In the privacy settings, you can explicitly control who can tag you, who can see or share the tagged content, and what shows up on your newsfeed.

Tightening your Facebook privacy only takes a few minutes, but it can save you a whole lot of trouble in the future. If you need help with this, just give us a call at 07 4767 7202.

Have you ever thought about how much your data is worth? Information is possibly the most valuable part of your business – there’s your client database, accounting software and inventory management, and of course, any intellectual property you may own. When the ransomware, WannaCry, tore through the world recently, many businesses were suddenly forced to re-assess the value of their data: was it worth saving, and what would be the deeper cost of the attack?

Most ransomware attacks cost $150-$600 to get your files released, but that’s only IF the cyber-criminals honor the payment and actually give you the decryption key. Meanwhile, new client calls are still coming in and you may find yourself unable to operate with your systems down. Paying the ransom or restoring from an unaffected backup seems like a quick fix, but it doesn’t end there. There’s still the downtime involved to restore all your data – possibly days – and that’s a lot of lost productivity. Plus, if word gets out that your data has been compromised, you may find confidence in your business plummets and your existing clients head elsewhere. That $150 ransom may end up costing well over $150,000!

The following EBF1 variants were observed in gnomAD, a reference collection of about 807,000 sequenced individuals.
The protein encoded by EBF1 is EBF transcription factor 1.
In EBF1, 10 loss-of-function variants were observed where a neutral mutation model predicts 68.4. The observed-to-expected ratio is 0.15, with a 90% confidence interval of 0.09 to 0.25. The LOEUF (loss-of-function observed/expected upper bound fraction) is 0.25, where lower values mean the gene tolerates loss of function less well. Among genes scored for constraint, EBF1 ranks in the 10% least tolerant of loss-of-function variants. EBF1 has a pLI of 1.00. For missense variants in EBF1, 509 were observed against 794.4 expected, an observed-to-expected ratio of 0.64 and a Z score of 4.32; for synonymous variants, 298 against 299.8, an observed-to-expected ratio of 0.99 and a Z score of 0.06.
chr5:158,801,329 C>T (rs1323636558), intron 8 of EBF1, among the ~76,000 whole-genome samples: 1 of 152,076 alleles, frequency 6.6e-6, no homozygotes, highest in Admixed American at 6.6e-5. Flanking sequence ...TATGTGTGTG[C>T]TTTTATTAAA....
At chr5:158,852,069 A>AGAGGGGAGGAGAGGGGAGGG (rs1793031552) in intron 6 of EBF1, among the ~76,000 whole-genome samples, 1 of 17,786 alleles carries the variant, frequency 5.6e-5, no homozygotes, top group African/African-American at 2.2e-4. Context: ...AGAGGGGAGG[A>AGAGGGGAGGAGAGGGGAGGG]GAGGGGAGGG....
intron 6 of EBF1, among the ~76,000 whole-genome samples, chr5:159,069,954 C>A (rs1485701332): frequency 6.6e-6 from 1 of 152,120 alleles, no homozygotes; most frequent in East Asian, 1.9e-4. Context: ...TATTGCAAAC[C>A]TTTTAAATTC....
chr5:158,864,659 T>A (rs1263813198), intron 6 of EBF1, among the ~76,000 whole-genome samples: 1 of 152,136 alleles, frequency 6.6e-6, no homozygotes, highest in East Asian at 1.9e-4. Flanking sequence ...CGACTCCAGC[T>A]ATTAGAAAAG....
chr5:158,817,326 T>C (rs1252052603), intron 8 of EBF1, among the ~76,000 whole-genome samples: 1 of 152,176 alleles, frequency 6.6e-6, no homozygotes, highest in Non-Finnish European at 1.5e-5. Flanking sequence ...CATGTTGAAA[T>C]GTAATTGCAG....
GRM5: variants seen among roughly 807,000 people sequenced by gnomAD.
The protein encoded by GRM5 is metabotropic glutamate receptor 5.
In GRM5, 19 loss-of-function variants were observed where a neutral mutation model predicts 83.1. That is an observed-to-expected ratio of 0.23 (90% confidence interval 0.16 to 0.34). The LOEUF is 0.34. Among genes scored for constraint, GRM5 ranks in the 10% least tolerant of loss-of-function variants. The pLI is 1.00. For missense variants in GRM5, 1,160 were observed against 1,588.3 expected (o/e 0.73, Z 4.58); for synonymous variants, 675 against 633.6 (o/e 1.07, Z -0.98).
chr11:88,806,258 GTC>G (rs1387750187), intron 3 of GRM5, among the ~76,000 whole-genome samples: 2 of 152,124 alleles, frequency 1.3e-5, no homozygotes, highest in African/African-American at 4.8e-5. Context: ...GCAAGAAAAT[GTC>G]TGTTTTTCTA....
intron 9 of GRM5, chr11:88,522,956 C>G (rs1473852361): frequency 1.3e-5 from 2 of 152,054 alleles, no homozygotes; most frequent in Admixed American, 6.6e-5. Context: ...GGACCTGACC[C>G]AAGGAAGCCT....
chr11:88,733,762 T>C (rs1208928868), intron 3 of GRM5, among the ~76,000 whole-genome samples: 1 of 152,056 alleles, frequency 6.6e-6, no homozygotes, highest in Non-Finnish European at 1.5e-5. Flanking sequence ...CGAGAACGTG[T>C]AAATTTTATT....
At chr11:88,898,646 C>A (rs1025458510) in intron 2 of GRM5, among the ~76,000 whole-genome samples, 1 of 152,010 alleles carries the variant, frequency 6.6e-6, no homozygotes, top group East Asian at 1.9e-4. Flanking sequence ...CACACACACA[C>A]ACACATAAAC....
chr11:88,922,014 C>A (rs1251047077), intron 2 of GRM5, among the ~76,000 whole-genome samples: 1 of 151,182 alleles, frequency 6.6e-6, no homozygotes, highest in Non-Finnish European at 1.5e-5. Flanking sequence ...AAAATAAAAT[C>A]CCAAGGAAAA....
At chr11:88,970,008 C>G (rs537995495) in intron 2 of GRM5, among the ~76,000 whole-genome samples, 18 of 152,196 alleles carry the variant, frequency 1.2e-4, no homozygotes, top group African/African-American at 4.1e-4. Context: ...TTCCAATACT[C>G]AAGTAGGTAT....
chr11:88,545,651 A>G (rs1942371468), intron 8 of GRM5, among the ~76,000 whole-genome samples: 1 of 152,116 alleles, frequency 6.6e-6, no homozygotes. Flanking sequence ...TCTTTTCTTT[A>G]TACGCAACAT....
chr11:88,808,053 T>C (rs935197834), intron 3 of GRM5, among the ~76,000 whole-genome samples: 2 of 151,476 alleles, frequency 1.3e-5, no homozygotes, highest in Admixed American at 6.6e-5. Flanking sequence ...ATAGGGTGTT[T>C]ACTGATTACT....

Prevent Ransomware Attacks on your Business

Keep your systems up to date: WannaCry took advantage of a flaw in older versions of Windows, one that was since patched by Microsoft. But to be protected, businesses had to be up to date with their patches AND be running a supported version of Windows. Delaying patches and updates puts your business at risk – we can help you update automatically.

Lock down employee computers: Very few staff will require full administrator access to your business network. The higher their level of permissions, the more damage a person can do – either accidentally with a whoopsie click, or by inadvertently installing malware. By locking down your employee computers, you have a better chance of containing a malware attack to non-vital systems. Our experts can design an access management plan that gives you best of both worlds: flexibility PLUS security.

Educate your workplace: Most employees believe they’re being cyber-safe but the reality is quite different. Many malicious links and embedded malware have become hard to spot in an instant – which is all it takes to click and regret. We can work with your staff to establish procedures around checking links for authenticity before clicking, awareness around verifying the source of attachments, and the importance of anti-virus scanning. We’ll help get the message through!